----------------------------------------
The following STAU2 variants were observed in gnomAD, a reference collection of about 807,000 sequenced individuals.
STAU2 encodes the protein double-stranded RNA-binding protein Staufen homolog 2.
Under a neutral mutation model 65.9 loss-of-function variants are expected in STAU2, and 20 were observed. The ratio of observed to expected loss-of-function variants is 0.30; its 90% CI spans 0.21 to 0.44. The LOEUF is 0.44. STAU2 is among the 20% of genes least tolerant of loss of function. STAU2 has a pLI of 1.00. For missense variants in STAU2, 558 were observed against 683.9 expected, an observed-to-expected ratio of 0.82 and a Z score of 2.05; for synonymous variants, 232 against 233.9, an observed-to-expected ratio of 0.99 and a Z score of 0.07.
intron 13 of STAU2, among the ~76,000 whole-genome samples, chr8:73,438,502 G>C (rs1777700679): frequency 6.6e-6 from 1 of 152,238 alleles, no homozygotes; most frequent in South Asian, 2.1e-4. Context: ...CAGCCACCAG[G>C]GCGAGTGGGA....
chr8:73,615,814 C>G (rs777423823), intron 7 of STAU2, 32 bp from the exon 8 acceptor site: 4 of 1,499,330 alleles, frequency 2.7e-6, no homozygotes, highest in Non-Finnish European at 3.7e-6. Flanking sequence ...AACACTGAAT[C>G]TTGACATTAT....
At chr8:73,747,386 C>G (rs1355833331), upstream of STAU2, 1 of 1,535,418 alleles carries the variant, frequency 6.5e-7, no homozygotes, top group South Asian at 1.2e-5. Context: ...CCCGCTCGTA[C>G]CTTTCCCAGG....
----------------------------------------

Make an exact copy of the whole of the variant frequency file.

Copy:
The following STAU2 variants were observed in gnomAD, a reference collection of about 807,000 sequenced individuals.
STAU2 encodes the protein double-stranded RNA-binding protein Staufen homolog 2.
Under a neutral mutation model 65.9 loss-of-function variants are expected in STAU2, and 20 were observed. The ratio of observed to expected loss-of-function variants is 0.30; its 90% CI spans 0.21 to 0.44. The LOEUF is 0.44. STAU2 is among the 20% of genes least tolerant of loss of function. STAU2 has a pLI of 1.00. For missense variants in STAU2, 558 were observed against 683.9 expected, an observed-to-expected ratio of 0.82 and a Z score of 2.05; for synonymous variants, 232 against 233.9, an observed-to-expected ratio of 0.99 and a Z score of 0.07.
intron 13 of STAU2, among the ~76,000 whole-genome samples, chr8:73,438,502 G>C (rs1777700679): frequency 6.6e-6 from 1 of 152,238 alleles, no homozygotes; most frequent in South Asian, 2.1e-4. Context: ...CAGCCACCAG[G>C]GCGAGTGGGA....
chr8:73,615,814 C>G (rs777423823), intron 7 of STAU2, 32 bp from the exon 8 acceptor site: 4 of 1,499,330 alleles, frequency 2.7e-6, no homozygotes, highest in Non-Finnish European at 3.7e-6. Flanking sequence ...AACACTGAAT[C>G]TTGACATTAT....
At chr8:73,747,386 C>G (rs1355833331), upstream of STAU2, 1 of 1,535,418 alleles carries the variant, frequency 6.5e-7, no homozygotes, top group South Asian at 1.2e-5. Context: ...CCCGCTCGTA[C>G]CTTTCCCAGG....